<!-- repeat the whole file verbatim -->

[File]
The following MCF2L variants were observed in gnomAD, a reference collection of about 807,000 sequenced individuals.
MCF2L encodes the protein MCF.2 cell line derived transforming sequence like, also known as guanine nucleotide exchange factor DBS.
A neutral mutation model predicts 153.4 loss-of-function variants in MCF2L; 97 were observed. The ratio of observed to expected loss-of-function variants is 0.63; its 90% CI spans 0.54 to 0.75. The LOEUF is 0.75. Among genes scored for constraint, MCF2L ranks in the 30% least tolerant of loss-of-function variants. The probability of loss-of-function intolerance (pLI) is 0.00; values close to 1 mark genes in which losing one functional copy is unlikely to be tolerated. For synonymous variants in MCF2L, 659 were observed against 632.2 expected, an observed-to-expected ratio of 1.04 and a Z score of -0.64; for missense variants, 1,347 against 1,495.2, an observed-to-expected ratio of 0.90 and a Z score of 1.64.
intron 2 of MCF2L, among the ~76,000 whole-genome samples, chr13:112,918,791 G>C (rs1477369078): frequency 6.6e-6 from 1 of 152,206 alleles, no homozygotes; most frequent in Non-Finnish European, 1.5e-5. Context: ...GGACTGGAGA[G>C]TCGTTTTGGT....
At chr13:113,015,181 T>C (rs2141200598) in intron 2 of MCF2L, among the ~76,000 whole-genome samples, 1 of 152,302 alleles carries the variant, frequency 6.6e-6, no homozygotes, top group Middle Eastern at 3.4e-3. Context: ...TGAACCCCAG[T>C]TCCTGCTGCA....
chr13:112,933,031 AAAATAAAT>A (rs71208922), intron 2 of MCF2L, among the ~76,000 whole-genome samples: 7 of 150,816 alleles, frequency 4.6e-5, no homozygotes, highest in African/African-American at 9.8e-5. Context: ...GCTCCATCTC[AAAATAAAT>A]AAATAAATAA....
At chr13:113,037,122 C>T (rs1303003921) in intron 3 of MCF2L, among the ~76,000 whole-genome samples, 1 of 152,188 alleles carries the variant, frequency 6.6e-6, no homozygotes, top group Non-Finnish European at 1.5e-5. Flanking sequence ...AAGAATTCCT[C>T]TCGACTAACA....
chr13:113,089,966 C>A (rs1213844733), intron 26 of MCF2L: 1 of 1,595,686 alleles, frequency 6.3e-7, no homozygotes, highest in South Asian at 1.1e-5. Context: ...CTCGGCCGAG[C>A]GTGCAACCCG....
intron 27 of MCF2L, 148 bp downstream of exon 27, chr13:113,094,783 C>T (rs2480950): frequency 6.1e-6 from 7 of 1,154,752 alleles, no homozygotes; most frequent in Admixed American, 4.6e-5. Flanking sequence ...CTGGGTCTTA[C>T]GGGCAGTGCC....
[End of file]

The following MCF2L variants were observed in gnomAD, a reference collection of about 807,000 sequenced individuals.
MCF2L encodes the protein MCF.2 cell line derived transforming sequence like, also known as guanine nucleotide exchange factor DBS.
A neutral mutation model predicts 153.4 loss-of-function variants in MCF2L; 97 were observed. The ratio of observed to expected loss-of-function variants is 0.63; its 90% CI spans 0.54 to 0.75. The LOEUF is 0.75. Among genes scored for constraint, MCF2L ranks in the 30% least tolerant of loss-of-function variants. The probability of loss-of-function intolerance (pLI) is 0.00; values close to 1 mark genes in which losing one functional copy is unlikely to be tolerated. For synonymous variants in MCF2L, 659 were observed against 632.2 expected, an observed-to-expected ratio of 1.04 and a Z score of -0.64; for missense variants, 1,347 against 1,495.2, an observed-to-expected ratio of 0.90 and a Z score of 1.64.
intron 2 of MCF2L, among the ~76,000 whole-genome samples, chr13:112,918,791 G>C (rs1477369078): frequency 6.6e-6 from 1 of 152,206 alleles, no homozygotes; most frequent in Non-Finnish European, 1.5e-5. Context: ...GGACTGGAGA[G>C]TCGTTTTGGT....
At chr13:113,015,181 T>C (rs2141200598) in intron 2 of MCF2L, among the ~76,000 whole-genome samples, 1 of 152,302 alleles carries the variant, frequency 6.6e-6, no homozygotes, top group Middle Eastern at 3.4e-3. Context: ...TGAACCCCAG[T>C]TCCTGCTGCA....
chr13:112,933,031 AAAATAAAT>A (rs71208922), intron 2 of MCF2L, among the ~76,000 whole-genome samples: 7 of 150,816 alleles, frequency 4.6e-5, no homozygotes, highest in African/African-American at 9.8e-5. Context: ...GCTCCATCTC[AAAATAAAT>A]AAATAAATAA....
At chr13:113,037,122 C>T (rs1303003921) in intron 3 of MCF2L, among the ~76,000 whole-genome samples, 1 of 152,188 alleles carries the variant, frequency 6.6e-6, no homozygotes, top group Non-Finnish European at 1.5e-5. Flanking sequence ...AAGAATTCCT[C>T]TCGACTAACA....
chr13:113,089,966 C>A (rs1213844733), intron 26 of MCF2L: 1 of 1,595,686 alleles, frequency 6.3e-7, no homozygotes, highest in South Asian at 1.1e-5. Context: ...CTCGGCCGAG[C>A]GTGCAACCCG....
intron 27 of MCF2L, 148 bp downstream of exon 27, chr13:113,094,783 C>T (rs2480950): frequency 6.1e-6 from 7 of 1,154,752 alleles, no homozygotes; most frequent in Admixed American, 4.6e-5. Flanking sequence ...CTGGGTCTTA[C>T]GGGCAGTGCC....